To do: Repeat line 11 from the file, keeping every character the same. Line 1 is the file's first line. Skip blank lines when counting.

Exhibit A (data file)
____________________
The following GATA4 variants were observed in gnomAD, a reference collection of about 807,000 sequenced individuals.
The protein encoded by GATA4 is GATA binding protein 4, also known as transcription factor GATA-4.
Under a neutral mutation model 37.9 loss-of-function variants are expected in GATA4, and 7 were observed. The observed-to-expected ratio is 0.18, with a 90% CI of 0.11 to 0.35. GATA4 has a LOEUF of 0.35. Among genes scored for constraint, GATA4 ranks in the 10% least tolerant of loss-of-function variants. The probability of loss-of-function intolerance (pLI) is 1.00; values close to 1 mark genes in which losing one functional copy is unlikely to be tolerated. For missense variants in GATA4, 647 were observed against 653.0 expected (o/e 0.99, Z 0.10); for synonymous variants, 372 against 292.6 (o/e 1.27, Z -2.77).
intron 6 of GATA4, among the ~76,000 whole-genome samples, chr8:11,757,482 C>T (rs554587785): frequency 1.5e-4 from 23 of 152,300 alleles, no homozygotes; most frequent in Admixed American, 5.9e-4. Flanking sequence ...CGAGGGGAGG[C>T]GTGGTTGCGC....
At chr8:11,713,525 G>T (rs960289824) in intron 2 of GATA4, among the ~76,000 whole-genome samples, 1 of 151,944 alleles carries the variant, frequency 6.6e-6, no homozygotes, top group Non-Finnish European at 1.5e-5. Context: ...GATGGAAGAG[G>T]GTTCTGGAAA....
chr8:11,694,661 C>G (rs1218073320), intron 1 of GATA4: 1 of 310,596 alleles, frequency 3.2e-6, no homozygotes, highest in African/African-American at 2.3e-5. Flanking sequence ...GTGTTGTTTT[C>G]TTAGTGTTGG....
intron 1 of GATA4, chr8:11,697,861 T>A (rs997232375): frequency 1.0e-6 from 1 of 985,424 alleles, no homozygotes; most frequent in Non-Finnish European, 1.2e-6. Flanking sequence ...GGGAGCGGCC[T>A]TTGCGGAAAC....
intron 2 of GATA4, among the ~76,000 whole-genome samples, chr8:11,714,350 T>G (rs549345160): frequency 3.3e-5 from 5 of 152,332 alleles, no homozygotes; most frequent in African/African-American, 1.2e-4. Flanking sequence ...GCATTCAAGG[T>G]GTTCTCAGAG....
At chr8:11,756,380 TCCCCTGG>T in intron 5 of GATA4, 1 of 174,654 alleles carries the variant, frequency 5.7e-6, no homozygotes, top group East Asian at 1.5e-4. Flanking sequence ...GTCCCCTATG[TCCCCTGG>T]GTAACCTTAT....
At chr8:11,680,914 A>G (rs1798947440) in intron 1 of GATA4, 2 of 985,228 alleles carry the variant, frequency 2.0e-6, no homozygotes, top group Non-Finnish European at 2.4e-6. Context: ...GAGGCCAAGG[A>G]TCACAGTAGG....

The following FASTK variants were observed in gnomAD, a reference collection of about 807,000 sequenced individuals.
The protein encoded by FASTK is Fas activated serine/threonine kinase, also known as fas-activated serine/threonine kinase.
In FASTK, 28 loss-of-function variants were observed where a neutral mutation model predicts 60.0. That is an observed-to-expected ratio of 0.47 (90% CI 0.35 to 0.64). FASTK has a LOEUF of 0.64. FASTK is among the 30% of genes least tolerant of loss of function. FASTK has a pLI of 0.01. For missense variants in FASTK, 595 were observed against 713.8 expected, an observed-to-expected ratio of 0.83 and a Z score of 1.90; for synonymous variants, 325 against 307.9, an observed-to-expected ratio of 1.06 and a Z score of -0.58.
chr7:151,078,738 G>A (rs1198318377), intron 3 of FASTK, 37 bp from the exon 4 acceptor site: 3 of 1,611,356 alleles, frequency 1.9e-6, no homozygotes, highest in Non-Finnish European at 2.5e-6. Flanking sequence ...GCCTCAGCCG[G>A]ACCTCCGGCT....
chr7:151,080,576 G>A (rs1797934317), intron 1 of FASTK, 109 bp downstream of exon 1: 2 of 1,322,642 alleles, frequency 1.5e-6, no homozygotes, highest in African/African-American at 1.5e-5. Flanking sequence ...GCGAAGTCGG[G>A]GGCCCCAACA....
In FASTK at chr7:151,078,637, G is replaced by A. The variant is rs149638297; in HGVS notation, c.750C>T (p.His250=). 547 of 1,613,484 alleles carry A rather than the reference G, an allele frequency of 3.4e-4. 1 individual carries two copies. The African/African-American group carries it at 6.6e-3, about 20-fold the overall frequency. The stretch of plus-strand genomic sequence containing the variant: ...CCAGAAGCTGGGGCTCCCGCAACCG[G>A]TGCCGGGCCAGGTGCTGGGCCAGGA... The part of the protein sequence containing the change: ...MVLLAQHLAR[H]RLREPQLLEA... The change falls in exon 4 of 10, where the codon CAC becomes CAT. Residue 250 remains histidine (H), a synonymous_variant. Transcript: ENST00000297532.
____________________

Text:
The following FASTK variants were observed in gnomAD, a reference collection of about 807,000 sequenced individuals.